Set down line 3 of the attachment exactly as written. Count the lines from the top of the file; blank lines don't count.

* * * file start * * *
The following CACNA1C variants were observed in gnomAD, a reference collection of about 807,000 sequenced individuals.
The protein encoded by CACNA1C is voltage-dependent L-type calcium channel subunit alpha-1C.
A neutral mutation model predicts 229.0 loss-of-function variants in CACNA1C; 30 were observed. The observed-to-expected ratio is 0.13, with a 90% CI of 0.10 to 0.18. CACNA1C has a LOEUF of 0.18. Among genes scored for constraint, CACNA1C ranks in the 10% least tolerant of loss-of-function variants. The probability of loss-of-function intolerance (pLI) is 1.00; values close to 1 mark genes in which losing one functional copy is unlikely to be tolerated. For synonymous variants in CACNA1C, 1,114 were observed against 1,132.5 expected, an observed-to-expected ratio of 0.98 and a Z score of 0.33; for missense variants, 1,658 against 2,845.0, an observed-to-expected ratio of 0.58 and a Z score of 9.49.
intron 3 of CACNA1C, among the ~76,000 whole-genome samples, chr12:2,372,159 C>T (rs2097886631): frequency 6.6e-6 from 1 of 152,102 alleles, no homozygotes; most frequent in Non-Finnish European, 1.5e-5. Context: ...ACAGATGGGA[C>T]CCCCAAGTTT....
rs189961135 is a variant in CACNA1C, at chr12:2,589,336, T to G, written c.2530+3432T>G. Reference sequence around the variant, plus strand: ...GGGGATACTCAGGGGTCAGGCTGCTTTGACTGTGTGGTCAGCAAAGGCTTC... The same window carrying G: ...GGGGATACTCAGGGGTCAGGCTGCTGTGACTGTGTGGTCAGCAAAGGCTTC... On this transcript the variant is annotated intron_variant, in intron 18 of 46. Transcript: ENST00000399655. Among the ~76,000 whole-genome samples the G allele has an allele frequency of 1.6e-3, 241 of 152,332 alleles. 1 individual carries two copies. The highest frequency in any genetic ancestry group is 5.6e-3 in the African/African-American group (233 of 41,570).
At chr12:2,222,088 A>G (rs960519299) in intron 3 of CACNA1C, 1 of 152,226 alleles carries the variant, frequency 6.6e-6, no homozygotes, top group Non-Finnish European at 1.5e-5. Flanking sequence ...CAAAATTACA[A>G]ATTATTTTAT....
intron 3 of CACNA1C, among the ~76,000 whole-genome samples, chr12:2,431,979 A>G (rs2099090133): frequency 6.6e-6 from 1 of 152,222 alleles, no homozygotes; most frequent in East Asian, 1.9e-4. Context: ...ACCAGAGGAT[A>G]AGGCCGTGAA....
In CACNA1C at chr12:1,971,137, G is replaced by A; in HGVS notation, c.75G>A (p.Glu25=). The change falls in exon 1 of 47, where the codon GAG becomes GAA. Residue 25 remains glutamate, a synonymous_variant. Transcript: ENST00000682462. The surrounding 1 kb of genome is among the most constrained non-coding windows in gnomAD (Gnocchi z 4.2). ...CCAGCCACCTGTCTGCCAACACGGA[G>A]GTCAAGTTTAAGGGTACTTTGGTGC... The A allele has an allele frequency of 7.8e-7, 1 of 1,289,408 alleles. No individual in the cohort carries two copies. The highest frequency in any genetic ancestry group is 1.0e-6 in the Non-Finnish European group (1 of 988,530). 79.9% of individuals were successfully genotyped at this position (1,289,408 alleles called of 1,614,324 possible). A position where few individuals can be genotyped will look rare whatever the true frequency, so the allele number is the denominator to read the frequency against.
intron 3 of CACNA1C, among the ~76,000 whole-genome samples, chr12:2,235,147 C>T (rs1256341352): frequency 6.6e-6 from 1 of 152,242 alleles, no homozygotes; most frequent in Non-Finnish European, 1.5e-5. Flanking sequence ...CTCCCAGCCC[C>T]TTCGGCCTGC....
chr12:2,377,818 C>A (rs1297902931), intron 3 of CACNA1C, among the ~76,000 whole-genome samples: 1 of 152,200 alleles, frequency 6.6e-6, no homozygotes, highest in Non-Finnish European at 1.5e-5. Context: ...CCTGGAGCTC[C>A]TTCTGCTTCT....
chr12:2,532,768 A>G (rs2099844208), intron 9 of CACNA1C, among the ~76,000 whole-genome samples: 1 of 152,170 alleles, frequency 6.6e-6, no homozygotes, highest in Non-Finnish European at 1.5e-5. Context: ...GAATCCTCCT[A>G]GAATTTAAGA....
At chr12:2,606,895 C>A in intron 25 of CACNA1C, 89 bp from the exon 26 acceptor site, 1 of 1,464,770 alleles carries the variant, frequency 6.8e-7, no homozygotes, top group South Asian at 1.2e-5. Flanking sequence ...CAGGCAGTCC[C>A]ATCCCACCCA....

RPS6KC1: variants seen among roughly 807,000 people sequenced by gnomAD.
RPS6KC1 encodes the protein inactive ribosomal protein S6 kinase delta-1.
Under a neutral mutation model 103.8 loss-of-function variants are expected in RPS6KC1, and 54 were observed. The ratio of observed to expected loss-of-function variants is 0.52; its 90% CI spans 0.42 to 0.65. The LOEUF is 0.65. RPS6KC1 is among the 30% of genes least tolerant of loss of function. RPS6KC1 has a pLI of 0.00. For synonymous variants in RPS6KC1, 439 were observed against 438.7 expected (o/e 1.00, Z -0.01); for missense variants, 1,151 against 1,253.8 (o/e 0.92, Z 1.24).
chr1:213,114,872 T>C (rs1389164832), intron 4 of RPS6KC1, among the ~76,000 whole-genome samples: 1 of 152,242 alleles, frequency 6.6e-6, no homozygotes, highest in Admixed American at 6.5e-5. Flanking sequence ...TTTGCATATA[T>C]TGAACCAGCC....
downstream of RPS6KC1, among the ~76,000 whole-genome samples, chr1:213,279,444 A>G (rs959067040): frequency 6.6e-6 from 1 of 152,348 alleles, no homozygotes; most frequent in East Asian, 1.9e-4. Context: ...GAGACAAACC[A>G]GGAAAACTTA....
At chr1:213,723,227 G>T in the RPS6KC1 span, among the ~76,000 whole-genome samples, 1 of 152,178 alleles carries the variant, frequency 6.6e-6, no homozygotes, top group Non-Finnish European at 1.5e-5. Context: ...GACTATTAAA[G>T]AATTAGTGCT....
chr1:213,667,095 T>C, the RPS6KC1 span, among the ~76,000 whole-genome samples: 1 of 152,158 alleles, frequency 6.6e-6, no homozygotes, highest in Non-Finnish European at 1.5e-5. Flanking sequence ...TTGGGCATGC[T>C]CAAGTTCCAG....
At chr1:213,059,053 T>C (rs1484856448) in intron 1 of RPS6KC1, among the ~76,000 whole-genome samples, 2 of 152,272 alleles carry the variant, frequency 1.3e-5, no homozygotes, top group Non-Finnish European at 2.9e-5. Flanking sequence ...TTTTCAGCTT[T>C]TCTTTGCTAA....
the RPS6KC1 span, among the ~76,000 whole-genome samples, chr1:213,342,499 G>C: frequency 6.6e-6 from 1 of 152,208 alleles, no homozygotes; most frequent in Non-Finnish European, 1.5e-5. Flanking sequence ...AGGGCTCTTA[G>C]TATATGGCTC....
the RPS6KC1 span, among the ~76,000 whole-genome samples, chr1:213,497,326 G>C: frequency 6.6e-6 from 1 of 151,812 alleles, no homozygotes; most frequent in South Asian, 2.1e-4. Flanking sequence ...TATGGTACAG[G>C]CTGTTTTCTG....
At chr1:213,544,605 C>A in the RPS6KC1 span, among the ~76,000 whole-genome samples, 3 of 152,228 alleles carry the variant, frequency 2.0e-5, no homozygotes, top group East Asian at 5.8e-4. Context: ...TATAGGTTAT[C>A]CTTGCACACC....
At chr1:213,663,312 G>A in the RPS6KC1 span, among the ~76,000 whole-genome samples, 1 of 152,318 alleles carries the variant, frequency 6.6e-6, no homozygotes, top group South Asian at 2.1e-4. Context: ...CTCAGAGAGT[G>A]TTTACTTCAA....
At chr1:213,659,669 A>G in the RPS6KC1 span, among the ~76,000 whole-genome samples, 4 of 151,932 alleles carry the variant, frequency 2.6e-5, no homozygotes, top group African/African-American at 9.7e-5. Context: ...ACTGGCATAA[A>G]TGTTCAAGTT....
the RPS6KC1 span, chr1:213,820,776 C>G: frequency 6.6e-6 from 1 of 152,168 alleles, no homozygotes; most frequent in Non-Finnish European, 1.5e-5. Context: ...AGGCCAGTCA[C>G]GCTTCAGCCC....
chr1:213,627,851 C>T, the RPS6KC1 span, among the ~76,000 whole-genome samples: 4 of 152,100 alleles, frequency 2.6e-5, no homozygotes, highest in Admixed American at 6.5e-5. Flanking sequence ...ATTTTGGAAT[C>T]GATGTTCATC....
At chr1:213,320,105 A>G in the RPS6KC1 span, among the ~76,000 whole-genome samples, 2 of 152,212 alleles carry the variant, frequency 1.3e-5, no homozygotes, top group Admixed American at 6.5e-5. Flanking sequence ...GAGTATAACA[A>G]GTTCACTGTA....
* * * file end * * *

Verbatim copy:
A neutral mutation model predicts 229.0 loss-of-function variants in CACNA1C; 30 were observed. The observed-to-expected ratio is 0.13, with a 90% CI of 0.10 to 0.18. CACNA1C has a LOEUF of 0.18. Among genes scored for constraint, CACNA1C ranks in the 10% least tolerant of loss-of-function variants. The probability of loss-of-function intolerance (pLI) is 1.00; values close to 1 mark genes in which losing one functional copy is unlikely to be tolerated. For synonymous variants in CACNA1C, 1,114 were observed against 1,132.5 expected, an observed-to-expected ratio of 0.98 and a Z score of 0.33; for missense variants, 1,658 against 2,845.0, an observed-to-expected ratio of 0.58 and a Z score of 9.49.